- March 6, 2019
- Posted by: admin
- Category: Uncategorized
Data Management-Ask any IT leader about the future of enterprise application development, and they’ll likely say “microservices.” Made popular by large web companies, the microservices model is finding its way into many businesses.
Microservices are lightweight, fine-grained modules that each do one thing well and are connected to create larger applications. They go well with cloud native environments.
It’s easy to see the appeal of microservices. Developers can work in parallel using their choice of programming language, frameworks and data formats. Developers can deploy and scale the components of applications built around microservices without having to coordinate with others.
From a business perspective, the appeal is more functionality, delivered faster.
But early adopters have found there’s a big mountain to climb: data management. Typical enterprise applications share information by sharing a database. In the microservices world, that’s a big no-no; everything is ideally done with APIs (application programming interfaces), events, and message passing.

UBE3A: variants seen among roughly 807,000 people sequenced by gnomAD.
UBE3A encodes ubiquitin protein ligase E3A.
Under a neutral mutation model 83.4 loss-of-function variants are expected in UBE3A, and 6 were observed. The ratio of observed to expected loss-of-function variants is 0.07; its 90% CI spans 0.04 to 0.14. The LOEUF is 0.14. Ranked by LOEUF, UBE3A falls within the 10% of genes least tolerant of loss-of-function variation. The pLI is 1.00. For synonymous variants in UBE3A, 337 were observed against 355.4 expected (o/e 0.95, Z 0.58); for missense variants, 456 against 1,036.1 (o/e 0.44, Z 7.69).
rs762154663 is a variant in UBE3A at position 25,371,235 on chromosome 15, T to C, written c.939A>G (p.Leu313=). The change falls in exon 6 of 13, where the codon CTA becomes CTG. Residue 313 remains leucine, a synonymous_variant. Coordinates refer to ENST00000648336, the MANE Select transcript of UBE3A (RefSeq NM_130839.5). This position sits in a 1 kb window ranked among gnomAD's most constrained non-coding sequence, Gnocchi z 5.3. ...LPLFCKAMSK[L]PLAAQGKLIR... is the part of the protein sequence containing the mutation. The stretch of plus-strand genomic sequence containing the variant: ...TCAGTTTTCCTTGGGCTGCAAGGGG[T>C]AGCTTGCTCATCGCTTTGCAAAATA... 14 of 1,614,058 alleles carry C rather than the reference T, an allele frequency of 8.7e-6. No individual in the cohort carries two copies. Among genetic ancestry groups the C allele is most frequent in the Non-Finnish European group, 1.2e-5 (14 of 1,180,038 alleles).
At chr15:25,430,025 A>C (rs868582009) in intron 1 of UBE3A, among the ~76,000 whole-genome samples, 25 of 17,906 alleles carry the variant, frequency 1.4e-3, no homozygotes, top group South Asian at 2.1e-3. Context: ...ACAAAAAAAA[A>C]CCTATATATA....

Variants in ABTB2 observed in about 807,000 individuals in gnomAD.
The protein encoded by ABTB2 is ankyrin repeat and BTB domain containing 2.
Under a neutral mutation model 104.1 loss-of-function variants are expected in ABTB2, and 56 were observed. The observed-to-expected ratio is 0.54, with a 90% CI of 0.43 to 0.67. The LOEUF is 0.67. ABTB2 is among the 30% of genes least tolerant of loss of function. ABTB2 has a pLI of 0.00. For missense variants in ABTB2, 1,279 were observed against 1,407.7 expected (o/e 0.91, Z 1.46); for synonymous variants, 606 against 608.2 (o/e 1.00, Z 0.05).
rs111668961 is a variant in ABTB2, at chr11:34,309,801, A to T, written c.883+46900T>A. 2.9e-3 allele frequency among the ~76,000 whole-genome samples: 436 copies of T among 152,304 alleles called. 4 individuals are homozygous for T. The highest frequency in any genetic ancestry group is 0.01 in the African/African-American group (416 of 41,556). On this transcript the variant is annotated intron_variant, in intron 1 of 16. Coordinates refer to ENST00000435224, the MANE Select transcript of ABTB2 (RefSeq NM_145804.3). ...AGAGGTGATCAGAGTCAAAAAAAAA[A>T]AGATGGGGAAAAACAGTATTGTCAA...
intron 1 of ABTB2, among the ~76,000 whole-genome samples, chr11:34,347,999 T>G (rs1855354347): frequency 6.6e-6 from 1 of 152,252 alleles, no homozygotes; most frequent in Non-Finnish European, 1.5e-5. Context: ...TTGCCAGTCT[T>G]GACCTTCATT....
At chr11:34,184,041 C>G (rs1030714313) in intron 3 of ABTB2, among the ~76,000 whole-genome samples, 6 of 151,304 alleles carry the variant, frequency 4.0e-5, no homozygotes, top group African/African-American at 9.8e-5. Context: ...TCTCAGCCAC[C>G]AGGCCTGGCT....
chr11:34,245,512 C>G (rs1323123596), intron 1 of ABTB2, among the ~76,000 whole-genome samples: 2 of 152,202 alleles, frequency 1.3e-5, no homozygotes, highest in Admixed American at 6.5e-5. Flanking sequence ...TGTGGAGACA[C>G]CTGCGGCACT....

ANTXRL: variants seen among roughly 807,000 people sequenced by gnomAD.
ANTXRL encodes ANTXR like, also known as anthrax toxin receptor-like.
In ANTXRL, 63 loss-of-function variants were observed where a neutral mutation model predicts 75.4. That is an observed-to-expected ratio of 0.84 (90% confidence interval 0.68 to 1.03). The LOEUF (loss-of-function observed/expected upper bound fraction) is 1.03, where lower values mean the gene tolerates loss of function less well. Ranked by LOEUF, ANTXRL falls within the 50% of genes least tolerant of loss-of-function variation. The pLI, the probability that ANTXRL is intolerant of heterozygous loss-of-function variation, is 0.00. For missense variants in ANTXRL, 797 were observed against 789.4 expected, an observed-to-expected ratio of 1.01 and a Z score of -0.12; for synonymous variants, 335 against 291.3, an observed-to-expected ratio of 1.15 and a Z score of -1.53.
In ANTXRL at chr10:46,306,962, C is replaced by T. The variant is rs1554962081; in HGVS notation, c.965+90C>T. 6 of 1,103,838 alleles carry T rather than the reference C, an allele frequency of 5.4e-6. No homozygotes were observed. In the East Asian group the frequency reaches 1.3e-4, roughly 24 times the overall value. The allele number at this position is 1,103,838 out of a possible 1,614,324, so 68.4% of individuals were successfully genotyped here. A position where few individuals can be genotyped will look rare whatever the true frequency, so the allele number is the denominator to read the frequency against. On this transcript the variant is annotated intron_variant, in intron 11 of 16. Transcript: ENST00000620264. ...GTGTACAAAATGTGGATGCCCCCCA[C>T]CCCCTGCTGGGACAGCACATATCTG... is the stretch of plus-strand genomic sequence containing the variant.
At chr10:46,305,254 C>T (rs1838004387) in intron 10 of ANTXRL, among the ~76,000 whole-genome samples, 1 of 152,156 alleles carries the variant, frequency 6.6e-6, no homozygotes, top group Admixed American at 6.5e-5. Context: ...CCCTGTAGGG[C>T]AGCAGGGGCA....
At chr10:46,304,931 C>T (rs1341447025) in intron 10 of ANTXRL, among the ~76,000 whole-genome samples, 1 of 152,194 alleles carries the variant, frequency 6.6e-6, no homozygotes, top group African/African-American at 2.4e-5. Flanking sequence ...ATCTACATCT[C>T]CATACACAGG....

An ideal microservice would completely isolate its data (data encapsulation) from the outside world and only expose it using an API. The larger goal is to avoid “data coupling,” whereby a change in how one microservice represents its data must then be communicated and coordinated with other microservice developers.
As anyone who has upgraded a big enterprise application knows, data coupling and data dependencies can slow the introduction of new features.
But insisting that microservices can’t share data under any circumstances will inevitably cause more cost and complexity than allowing certain forms of controlled data sharing. It’s possible—even desirable—to meet the needs of developers to work independently, while meeting the broader needs of the larger application team.
Challenges with Data Encapsulation
It helps to think in terms of a typical large application, such as a retail website, where frequent updates are needed. First, we’ll look at the typical data management problems encountered with microservices, and then we’ll suggest a simpler way.
It’s often the case that certain data elements, such as customer and product information, are used in many places in a large application. In a pure microservices design, a single microservice would be responsible for a single topic, such as customer information, and the associated data elements, with all others requesting access and updates only via an API owned by the microservice.
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Article Credit: Forbes
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